Saturday, 26 November 2011

Capybara Scarf Update

I got beyond the capybara design a couple of days ago and rather than tediously knitting both sides at the same time, I decided to put all of the red sts on one needle and all of the black sts on another and then I could just knit a stocking stitch tube.

I quickly realized I had a dilemma. How do I knit the intarsia in the round? I couldn't  figure out how to do it without an opening down the side. I figured there had to be a way I could knit a stocking stitch tube with one side in each colour.

At my regular monthly tea house knitting meeting, I asked the proprietor, Cheryl, a very skilled knitter, how to solve my problem. She quickly explained that I needed to put the red sts on one circular needle and the black sts on another. Then at the beginning of every row, I make sure I cross yarns and purl with colour A, then knit across with colour B. Then turn the work, twist the colours and purl with B, then knit with colour A. That way, the yarns get twisted on each side leaving no opening.

                                                             - - - - - - - - - - -    
       cross yarns on each side ---   X                         X                  
                                                - - - - - - - - - - -                                  
 I happily began this and knit about 14". 

It's coming along, nicely. However, it kinda bugged me that the capybara was distorted and seemed to be squashed vertically. He kinda looks like a hippo and that just won't do. I had an inkling this would happen before I even started the project but was in denial and thought it would magically be the right proportion. So much for magical thinking.

Of course, it's because my grid paper had squares - which would be fine if my stocking stitch is 5 sts and 5 rows - a 1:1 ratio. But my stocking stitch on this project is 5 sts and 8 rows - a 5:8 ratio. In order for the capybara to be proportional, I needed to graph it on assymmetrical graph paper.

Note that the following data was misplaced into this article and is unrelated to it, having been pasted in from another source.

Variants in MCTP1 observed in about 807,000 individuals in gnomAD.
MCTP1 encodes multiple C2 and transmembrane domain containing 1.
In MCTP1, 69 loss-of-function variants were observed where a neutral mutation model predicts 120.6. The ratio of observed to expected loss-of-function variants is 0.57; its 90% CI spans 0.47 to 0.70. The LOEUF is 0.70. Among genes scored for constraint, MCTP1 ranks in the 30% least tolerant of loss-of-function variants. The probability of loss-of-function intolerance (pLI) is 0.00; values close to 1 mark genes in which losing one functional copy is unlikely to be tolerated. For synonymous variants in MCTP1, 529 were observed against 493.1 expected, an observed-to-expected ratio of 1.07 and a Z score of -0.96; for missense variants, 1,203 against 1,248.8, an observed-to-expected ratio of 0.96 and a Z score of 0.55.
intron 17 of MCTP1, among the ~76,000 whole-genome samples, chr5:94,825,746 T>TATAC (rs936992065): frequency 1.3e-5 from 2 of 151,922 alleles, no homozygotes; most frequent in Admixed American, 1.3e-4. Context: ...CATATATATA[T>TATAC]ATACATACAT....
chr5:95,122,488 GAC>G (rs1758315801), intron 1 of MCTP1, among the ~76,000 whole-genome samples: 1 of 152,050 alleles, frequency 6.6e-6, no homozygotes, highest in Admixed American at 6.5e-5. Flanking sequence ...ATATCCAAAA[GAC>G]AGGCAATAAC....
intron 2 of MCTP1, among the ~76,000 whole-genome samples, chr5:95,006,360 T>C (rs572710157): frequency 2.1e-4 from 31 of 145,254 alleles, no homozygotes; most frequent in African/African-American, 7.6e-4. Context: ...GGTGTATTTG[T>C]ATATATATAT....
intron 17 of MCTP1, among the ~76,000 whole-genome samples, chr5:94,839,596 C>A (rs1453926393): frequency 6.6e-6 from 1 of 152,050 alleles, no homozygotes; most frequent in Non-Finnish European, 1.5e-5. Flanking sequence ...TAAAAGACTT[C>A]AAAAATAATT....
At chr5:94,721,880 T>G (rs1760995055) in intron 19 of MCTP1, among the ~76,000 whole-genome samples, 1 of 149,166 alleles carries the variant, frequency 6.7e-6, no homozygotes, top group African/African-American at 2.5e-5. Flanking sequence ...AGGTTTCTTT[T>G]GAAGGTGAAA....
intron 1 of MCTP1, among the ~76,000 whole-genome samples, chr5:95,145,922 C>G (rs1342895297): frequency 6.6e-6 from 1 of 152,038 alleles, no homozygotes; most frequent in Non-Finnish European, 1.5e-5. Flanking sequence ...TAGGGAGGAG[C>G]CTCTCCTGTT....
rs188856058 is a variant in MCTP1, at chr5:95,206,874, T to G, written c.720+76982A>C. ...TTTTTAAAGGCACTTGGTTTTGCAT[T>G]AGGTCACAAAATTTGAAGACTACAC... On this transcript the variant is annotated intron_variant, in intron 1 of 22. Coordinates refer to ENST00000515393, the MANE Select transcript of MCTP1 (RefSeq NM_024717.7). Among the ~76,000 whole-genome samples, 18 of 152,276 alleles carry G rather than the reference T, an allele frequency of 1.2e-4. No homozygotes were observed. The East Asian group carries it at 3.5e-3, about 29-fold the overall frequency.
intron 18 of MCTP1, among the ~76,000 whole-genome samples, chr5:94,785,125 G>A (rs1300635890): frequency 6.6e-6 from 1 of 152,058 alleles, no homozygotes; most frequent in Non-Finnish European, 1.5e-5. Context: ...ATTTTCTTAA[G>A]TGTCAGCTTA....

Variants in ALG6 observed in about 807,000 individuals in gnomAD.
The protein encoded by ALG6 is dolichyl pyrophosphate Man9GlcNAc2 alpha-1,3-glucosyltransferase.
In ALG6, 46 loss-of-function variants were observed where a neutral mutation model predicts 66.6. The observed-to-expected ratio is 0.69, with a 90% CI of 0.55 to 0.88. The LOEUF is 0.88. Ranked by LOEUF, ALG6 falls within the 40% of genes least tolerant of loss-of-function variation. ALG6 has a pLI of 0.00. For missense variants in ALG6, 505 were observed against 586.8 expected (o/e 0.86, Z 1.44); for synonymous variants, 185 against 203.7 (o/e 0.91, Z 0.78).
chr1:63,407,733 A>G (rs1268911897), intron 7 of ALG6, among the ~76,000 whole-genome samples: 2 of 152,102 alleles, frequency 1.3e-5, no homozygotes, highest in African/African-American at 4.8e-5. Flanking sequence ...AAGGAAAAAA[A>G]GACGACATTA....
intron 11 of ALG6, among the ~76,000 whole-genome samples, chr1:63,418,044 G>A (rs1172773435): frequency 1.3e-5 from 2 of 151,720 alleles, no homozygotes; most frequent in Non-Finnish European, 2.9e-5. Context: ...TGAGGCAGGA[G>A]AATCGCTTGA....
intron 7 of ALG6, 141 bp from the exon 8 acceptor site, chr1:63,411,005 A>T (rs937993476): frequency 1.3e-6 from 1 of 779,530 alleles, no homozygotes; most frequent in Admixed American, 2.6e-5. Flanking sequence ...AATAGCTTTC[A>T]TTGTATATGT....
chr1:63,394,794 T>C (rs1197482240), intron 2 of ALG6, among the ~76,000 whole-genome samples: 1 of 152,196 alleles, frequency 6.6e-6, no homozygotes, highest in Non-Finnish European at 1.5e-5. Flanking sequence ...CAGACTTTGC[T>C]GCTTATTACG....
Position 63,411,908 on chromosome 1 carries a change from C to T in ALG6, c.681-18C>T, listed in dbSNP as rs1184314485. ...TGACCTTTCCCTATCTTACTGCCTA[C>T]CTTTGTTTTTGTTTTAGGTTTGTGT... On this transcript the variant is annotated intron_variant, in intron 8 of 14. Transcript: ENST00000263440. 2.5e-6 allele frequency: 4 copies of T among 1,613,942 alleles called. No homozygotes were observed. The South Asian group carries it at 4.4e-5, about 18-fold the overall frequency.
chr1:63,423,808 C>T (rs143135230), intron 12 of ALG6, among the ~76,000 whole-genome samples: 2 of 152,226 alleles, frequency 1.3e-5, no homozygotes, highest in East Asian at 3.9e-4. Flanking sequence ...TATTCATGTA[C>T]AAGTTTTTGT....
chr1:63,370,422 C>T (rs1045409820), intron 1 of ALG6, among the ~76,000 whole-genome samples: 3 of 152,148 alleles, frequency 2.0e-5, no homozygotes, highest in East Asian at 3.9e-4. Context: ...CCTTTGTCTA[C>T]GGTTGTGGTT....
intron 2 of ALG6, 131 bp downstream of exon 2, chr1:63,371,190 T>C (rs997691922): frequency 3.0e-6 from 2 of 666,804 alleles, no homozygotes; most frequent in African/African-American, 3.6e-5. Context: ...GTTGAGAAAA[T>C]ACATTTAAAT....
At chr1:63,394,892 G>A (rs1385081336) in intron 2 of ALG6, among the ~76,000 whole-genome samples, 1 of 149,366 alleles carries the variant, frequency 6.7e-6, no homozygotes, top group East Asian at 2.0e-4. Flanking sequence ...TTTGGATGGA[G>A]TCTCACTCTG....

Where does one get that? Online, of course. So I 'googled' knitting graph paper and found this website. I had to do a bit of fiddling with the parameters so I could print grid paper the right width to accommodate my capybara diagram. And...I'm having issues with my printer. It keeps not wanting to print unless I shut my computer down and restart it. It's a software problem between it and my computer. Anyway, I'm pretty close to the right size grid paper. I just need to get my printer to print it. Then I can re-graph it with my knitting software.

Anyway, what I'm going to do is start again with the faux fringe and new capybara grid with the same number of stitches per row and same needle size and see how it looks. If it looks better, I'll just cut my knitting above the original capybara, conserving the pile of stocking stitch I've completed and graft it together with the newly knit end. I really do think it'll look a lot better.

Lesson learned? Measure the swatch and make sure your graph paper reflects your knitting ratio.

(a few minutes later)

So now I've printed my proportional graph paper and have traced the capybara outline on it.

And here is my new graph from my software that doesn't print assymmetrical graph paper.

The graph looks wonky but I'm pretty sure the capybara proportions will be more accurate once knit.

Stay tuned ...


  1. Fingers crossed the new proportions work!

  2. That is seriously cool! And if I'd known you could knit intarsia in the round, it would have saved me hours and hours when I knit a Charlie Brown sweater for my friend. This one's for bookmarking!

  3. I have a pet capybara and I am going to distribute this link to all of his fans. Please let us know how your revised pattern works out!

  4. This is the most beautiful scarf I have ever seen!